Page Banner

United States Department of Agriculture

Agricultural Research Service

Title: Seeding Practices, Cultivar Maturity, and Irrigation Effects on Simulated Grain Sorghum Yield

Authors
item Baumhardt, Roland
item Howell, Terry

Submitted to: Agronomy Journal
Publication Type: Peer Reviewed Journal
Publication Acceptance Date: January 4, 2005
Publication Date: January 20, 2006
Citation: Baumhardt, R.L., Howell, T.A. 2006. Seeding practices, cultivar maturity, and irrigation effects on simulated grain sorghum yield. Agronomy Journal. 98:462-470.

Interpretive Summary: Grain sorghum is well adapted for use in dryland and irrigated cropping systems on the Southern High Plains. Irrigation in this region relies on the declining Ogallala aquifer, and applications are transitioning from full to deficit replacement of evapotranspiration, i.e., crop water use. Our objective was to identify optimum planting date, plant density, row spacing, cultivar maturity, and reduced irrigation combinations to maximize grain sorghum yield using the SORKAM simulation model, long-term (1958-1999) weather records at Bushland, TX, and known Pullman soil (fine, mixed, superactive, thermic Torrertic Paleustoll) properties. Grain sorghum growth and yield was simulated under dryland and limited or full irrigation conditions (rain + irrigation = 0.1 or 0.2 in./d) for all combinations of planting date (15 May, 5 June, 25 June), cultivar maturity (early, medium, late), plant density (48,000 and 64,000 plants/acre), and row spacing (15 and 30 in.). Simulated grain yield increased 7% for narrow compared with wide row spacing independent of other treatments. Under full irrigation, simulated grain yield was unaffected by plant density and increased with earlier planting dates. In contrast, simulated yields for the early-maturing cultivar were greatest under dryland conditions and not different from other tested cultivars for most deficit irrigation conditions. Our results show that early planted late-maturing sorghum maximized yields under full irrigation; however, early-maturity cultivars planted on 5 June were better adapted to both dryland and deficit irrigation for optimum grain yield on a Southern High Plains clay loam soil.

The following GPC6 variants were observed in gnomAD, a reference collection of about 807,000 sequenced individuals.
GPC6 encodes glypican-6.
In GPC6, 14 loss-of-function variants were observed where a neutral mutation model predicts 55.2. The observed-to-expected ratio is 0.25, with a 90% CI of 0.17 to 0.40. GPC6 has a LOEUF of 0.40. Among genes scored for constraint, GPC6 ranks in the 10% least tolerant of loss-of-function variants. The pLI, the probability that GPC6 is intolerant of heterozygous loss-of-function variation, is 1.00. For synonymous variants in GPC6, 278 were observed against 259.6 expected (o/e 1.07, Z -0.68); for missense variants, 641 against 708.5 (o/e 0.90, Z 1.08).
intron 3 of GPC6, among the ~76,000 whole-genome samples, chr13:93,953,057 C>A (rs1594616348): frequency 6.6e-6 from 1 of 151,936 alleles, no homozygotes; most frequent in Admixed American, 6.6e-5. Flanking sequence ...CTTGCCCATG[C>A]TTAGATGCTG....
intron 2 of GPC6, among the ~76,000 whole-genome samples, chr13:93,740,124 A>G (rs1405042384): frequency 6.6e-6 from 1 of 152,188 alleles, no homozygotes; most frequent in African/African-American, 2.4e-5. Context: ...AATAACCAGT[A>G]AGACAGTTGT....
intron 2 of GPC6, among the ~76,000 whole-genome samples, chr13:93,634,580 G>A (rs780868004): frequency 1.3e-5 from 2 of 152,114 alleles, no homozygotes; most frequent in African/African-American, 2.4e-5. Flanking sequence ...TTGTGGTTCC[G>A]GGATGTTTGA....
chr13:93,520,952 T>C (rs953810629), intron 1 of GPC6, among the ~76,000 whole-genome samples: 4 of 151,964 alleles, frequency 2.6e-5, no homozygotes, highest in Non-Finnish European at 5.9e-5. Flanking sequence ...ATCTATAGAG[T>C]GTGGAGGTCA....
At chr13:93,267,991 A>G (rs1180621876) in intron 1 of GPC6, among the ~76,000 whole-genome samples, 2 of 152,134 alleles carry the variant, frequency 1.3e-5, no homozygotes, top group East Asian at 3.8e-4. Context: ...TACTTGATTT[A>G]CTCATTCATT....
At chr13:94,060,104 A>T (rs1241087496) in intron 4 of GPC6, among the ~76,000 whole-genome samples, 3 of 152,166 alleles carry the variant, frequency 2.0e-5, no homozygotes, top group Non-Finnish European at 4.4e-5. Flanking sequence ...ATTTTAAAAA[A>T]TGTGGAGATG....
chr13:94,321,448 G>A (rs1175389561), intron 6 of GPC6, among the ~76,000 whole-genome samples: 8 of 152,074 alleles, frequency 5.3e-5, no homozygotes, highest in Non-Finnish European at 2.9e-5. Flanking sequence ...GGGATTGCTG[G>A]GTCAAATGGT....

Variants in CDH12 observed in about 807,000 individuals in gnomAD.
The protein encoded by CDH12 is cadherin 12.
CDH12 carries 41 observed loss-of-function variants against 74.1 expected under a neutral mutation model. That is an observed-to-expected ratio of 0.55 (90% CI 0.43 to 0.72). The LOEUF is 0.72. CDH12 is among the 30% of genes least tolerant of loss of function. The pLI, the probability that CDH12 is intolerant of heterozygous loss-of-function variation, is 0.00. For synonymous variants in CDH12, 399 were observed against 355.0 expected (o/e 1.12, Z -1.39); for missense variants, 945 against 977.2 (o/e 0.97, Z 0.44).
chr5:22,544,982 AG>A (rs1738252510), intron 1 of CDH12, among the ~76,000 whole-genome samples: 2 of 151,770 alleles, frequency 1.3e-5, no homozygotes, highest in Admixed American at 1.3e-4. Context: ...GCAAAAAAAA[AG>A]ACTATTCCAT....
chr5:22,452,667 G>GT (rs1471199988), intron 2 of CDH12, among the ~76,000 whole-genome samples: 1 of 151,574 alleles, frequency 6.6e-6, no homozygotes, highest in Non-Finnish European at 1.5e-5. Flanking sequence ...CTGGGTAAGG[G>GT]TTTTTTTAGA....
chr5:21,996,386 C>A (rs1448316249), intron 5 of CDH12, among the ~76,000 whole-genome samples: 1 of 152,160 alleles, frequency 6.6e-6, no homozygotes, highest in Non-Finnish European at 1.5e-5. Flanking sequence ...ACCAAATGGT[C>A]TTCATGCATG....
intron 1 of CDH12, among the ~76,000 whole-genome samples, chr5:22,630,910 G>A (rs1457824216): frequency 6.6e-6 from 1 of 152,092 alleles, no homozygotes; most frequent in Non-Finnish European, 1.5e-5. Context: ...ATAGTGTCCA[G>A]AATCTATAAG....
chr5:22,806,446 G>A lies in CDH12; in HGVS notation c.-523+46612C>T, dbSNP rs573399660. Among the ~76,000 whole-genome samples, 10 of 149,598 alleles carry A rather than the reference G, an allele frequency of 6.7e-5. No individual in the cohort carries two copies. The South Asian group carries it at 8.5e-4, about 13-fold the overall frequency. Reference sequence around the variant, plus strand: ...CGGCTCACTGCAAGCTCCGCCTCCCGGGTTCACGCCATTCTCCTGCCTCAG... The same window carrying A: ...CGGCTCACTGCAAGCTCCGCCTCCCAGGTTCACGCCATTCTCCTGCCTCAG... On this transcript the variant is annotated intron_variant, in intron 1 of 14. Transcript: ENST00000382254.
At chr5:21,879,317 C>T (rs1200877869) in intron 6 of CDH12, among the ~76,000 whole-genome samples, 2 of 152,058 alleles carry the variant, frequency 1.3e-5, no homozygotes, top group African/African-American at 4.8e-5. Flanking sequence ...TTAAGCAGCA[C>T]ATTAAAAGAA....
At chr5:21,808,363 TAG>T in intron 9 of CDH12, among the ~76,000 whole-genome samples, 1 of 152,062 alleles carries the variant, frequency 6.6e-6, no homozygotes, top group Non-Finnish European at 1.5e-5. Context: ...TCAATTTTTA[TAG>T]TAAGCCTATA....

Technical Abstract: Grain sorghum [Sorghum bicolor (L.) Moench] is well adapted for use in dryland and irrigated cropping systems on the Southern High Plains. Irrigation in this region relies on the declining Ogallala aquifer, and applications are transitioning from full to deficit replacement of evapotranspiration, ET. Our objective was to identify optimum planting date, plant density, row spacing, cultivar maturity, and reduced irrigation combinations to maximize grain sorghum yield using the SORKAM simulation model, long-term (1958-1999) weather records at Bushland, TX, and known Pullman soil (fine, mixed, superactive, thermic Torrertic Paleustoll) properties. Grain sorghum growth and yield was simulated under dryland and deficit or full irrigation conditions (rain + irrigation = 2.5 or 5.0 mm/d) for all combinations of planting date (15 May, 5 June, 25 June), cultivar maturity (early, medium, late), plant density (12 and 16 plants/m2), and row spacing (0.38 and 0.76 m). Simulated grain yield increased 7% for narrow compared with wide row spacing independent of other treatments. Under full irrigation, simulated grain yield was unaffected by plant density and increased with earlier planting dates. In contrast, simulated yields for the early-maturing cultivar were greatest under dryland conditions and not different from other tested cultivars for most deficit irrigation conditions. Our results show that early planted late-maturing sorghum maximized yields under full irrigation; however, early-maturity cultivars planted on 5 June were better adapted to both dryland and deficit irrigation for optimum grain yield on a Southern High Plains clay loam soil.

Last Modified: 10/1/2014
Footer Content Back to Top of Page